Controlling access to global variables via an ES6 proxy

By Axel Rauschmayer

The following function evalCode() traces the global variables that are accessed while evaluating a piece of JavaScript code.

    // Simple solution
    const _glob = typeof global !== 'undefined' ? global : self;
    function evalCode(code) {
        const func = new Function ('proxy',
            `with (proxy) {${code}}`); // (A)
        const proxy = new Proxy(_glob, {
            get(target, propKey, receiver) {
                console.log(`GET ${String(propKey)}`); // (B)
                return Reflect.get(target, propKey, receiver);
            set(target, propKey, value, receiver) { // (C)
                console.log(`SET ${String(propKey)}=${value}`);
                return Reflect.set(target, propKey, value, receiver);
        return func(proxy);

The way this works is as follows:

  • The with statement wrapped around the code (line A) means that every variable access that “leaves” the scope of the code becomes a property access of proxy.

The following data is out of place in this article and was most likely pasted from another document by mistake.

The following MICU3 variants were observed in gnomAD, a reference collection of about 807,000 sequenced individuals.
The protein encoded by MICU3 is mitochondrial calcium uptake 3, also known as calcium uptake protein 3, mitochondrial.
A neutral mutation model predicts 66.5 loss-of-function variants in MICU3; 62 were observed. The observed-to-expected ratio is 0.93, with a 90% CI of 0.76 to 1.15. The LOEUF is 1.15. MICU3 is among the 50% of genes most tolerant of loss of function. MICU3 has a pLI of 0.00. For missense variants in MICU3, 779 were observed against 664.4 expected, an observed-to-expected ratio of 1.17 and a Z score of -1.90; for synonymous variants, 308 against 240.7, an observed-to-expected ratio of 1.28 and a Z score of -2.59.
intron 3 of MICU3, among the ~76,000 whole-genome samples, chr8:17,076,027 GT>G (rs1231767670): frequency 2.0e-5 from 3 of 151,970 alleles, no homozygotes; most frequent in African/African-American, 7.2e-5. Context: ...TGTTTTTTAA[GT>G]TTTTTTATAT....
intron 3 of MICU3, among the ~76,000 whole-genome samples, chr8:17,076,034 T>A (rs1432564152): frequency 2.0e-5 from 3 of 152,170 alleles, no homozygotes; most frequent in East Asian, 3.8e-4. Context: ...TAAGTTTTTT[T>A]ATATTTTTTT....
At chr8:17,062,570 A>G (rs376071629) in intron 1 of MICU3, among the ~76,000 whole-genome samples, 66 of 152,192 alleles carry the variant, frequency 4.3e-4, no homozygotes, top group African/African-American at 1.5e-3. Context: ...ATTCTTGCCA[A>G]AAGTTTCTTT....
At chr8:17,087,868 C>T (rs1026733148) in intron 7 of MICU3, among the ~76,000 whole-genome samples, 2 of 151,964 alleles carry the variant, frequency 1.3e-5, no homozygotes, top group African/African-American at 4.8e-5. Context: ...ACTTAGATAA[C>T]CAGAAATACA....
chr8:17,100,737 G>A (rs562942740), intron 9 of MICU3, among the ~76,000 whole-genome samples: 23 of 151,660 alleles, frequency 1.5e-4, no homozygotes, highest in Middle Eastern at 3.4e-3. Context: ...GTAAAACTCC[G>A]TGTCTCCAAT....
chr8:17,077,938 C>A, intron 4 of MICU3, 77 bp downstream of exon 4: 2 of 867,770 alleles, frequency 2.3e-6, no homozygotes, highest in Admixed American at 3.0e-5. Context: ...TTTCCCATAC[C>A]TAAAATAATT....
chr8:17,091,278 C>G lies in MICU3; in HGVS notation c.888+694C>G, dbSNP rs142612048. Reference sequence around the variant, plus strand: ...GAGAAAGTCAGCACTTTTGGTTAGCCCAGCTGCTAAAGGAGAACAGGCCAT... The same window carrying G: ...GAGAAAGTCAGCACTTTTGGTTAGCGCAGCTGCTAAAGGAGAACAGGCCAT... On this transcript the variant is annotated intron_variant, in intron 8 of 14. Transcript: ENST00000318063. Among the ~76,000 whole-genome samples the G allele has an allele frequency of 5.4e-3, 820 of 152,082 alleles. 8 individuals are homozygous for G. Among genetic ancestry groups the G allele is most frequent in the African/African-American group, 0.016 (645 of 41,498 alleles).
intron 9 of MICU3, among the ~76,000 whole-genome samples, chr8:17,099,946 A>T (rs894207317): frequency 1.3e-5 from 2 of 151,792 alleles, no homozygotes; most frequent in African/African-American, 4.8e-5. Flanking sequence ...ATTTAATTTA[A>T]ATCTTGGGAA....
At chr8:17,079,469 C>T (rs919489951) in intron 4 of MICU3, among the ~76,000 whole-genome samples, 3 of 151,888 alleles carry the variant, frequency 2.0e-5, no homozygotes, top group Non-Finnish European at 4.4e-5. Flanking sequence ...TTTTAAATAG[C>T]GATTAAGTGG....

• The proxy observes what properties are accessed via its handler, which traps the operations “get” (line B) and “set” (line C),

Unsing evalCode():

    > evalCode('String.prototype')
    GET Symbol(Symbol.unscopables)
    GET String
    > evalCode('String = 123')
    GET Symbol(Symbol.unscopables)
    SET String=123


  • We don’t return what code does, which is why the result is undefined.
  • Symbol.unscopables shows up, because with checks its operand for a property with this key to determine whether which properties it should expose as variables to its body. This mechanism is explained in “Exploring ES6”.

This is very hacky! with is a deprecated sloppy mode feature that is used in conjunction with a brand new ES6 feature.

Source of this hack: Vue.js, explained by qgustavor on reddit.

Further reading

Source:: 2ality